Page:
Dominican Republic Culture

Don't get mad... just wait 'til 'manana'

How do we explain what the Dominican Republic culture is like?

I suppose an appropriate anecdote to introduce Dominican Republic culture would have been to say:

" I invited a couple of Dominican friends around to dinner at 7.00 pm to discuss what I should write. One arrived two hours late and the other one...well a couple of days went by and I'm still waiting for them to turn up!"

The Mañana Syndrome

For most visitors to the Dominican Republic getting accustomed to the serious 'manana syndrome' here can take a bit of time...

Okay, so it can be an uphill struggle getting tradesmen to come round and do a little job, and yes maybe you'll wait an unexpectedly long time for a barman in an apparently quiet Dominican Republic hotel bar to get round to pouring you drinks, and sure that lovely local couple you met and agreed to meet for a dinner date may still be due to turn up and your table was booked for over an hour ago...

Just Keep Smiling...

But hey, look around you...the sun is shining, no-ones in a hurry, everyone's smiling and relaxed, no-one looks stressed (except for the odd tourist wondering why their beer still hasn't arrived!)...just relax and get into the local 'groove'.

Joking apart this aspect of Dominican Republic culture the 'manana syndrome' can be very trying for visitors to get used, but prepare yourself in advance and do your best to take a deep breath count to ten, and above all keep smiling, when you feel like it's taking forever to get served somewhere, or check-out of your hotel, or waiting for a bus to arrive!

When you are on a Dominican Republic vacation you shouldn't have a care in the world, the locals rarely do, and they have had more cause than many in the past to be seriously aggravated by things!

Maybe the fact is that the Dominican Republic culture seems to be summed-up by such apparent complacency because they realise that sometimes you have to wait several generations before things take a turn for the better.

"Do as the Romans Do"

The sooner you learn to 'do as the Romans do' (you know what I mean?) the more you'll enjoy your stay in the Dominican Republic. And above all TRY not to get 'aggressive' about the laid-back way the locals seem to be about things. You will find that this reaction generally meets with you 'being ignored'! If you can try and remain 'chilled' and smile (just like the locals do) you'll suddenly find yourself feeling much more at home.

Some other aspects of Dominican Republic culture (If that's what you can call them!) that may take some getting accustomed to, include driving habits and communication skills.

Cross-roads and...

Let's say that many of the roads in the Dominican Republic are not the worlds best! This however does not discourage Dominican's from driving as if they are first class racing circuits. Extreme caution is advised when first trying to acquire your Dominican pedestrian skills. The roads are one place where the Dominican are NOT slow to do things!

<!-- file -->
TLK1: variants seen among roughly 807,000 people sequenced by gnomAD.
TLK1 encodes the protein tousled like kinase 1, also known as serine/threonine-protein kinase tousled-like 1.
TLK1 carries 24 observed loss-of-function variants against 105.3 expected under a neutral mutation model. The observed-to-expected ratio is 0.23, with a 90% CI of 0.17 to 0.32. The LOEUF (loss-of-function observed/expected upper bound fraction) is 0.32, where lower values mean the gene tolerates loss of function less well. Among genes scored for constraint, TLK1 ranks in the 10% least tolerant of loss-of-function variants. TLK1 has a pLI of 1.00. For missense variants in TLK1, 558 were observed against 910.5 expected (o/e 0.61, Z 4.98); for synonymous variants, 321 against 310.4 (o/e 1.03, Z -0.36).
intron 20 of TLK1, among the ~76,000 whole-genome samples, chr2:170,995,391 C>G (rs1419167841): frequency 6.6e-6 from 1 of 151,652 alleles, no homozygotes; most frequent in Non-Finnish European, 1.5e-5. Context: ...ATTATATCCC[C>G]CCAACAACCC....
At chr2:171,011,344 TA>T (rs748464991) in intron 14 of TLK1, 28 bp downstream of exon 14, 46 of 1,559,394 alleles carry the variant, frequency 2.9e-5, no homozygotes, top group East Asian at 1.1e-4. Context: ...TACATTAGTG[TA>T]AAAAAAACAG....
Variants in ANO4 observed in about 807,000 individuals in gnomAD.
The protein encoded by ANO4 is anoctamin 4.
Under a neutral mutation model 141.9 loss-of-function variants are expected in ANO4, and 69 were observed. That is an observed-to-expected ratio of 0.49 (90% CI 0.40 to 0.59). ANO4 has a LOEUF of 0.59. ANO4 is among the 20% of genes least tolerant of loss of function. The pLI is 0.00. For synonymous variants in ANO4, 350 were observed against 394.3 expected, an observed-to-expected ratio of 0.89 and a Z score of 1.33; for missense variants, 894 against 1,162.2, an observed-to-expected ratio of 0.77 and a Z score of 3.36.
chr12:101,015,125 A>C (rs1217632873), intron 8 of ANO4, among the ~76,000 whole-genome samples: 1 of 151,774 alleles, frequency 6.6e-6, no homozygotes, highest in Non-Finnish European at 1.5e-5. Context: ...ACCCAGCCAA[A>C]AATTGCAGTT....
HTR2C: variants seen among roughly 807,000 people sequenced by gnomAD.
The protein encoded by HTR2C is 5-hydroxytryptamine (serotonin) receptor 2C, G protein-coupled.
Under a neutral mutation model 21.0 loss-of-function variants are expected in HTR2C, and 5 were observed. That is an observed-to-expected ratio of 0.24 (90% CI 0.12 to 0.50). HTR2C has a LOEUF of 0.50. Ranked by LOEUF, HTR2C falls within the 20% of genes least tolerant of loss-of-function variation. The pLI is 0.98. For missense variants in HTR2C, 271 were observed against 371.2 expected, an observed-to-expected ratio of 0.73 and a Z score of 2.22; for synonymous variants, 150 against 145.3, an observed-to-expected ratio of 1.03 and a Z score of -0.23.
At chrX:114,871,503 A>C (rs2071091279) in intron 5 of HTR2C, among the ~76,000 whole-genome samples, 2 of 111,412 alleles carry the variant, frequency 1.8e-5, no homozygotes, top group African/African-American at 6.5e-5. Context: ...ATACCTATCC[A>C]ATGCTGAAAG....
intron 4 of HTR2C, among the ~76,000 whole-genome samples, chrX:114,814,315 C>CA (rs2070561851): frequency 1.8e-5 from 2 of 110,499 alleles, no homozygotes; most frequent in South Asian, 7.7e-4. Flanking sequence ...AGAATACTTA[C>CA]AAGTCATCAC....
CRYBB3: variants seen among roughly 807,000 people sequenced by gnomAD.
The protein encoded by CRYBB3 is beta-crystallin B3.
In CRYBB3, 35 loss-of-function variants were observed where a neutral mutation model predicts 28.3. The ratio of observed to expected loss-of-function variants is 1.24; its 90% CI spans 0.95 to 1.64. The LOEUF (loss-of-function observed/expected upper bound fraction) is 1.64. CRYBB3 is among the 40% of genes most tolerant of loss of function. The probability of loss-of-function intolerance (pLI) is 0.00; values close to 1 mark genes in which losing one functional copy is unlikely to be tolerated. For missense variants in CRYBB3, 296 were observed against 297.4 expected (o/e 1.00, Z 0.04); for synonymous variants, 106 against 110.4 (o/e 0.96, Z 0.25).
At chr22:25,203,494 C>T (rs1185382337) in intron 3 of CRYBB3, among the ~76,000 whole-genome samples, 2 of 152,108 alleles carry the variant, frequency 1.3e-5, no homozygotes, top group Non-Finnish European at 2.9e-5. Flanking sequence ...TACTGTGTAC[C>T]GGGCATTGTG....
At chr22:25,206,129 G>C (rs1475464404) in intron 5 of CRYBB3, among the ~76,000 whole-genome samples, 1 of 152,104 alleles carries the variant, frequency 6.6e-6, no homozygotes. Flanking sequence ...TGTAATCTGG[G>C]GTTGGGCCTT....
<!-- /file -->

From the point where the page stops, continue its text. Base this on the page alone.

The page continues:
Car and bike drivers tend equally to lack observation and 'defensive driving' skills. The car horn is also commonly (and frequently) used as a greeting, or a warning that they are there…in other words in a constructive rather than a 'critical' way…it just takes a bit of getting used to.

...Crossed Wires!

With respect to communicating effectively, insofar as this is another potentially challenging element of Dominican Republic culture, it should always be remembered that the Dominicans are a very 'literal' race! Combine this with the tendency for Dominicans to try to avoid upset or offence by proffering the answer they think you want to hear and this can lead to accidentally acquiring some interesting mis-information.

Dominicans are genuinely friendly happy people, most of the time. It's not an act it's their way of life. Ask them the right questions and they will be happy to be as helpful as they can. But remember that unless you ask a question in a totally unambiguous way you might find the answer you get isn't much help!

Also that good old 'manana syndrome' can strike again. Dominicans really don't like to if they think they might, by say telling you they can't possibly come and do that little job for you for instance, you've guessed it they'll be there 'manana' meaning in this case...sometime...never!

But what about other aspects of Dominican Republic culture?

Well yes, I guess you're right, we've missed a few important topics.

What we've decided to do is provide an insight to those essential cultural topics such as:

  • Music

  • Food

    On separate pages, so just click on the relevant links and you'll be taken there.

    If you have any other questions about Dominican Republic culture that we don't seem to have touched on, well we know we're not please contact us ...but remember to ask your question in the right way...we are Dominicans after all! :)

    Ruth & Esther

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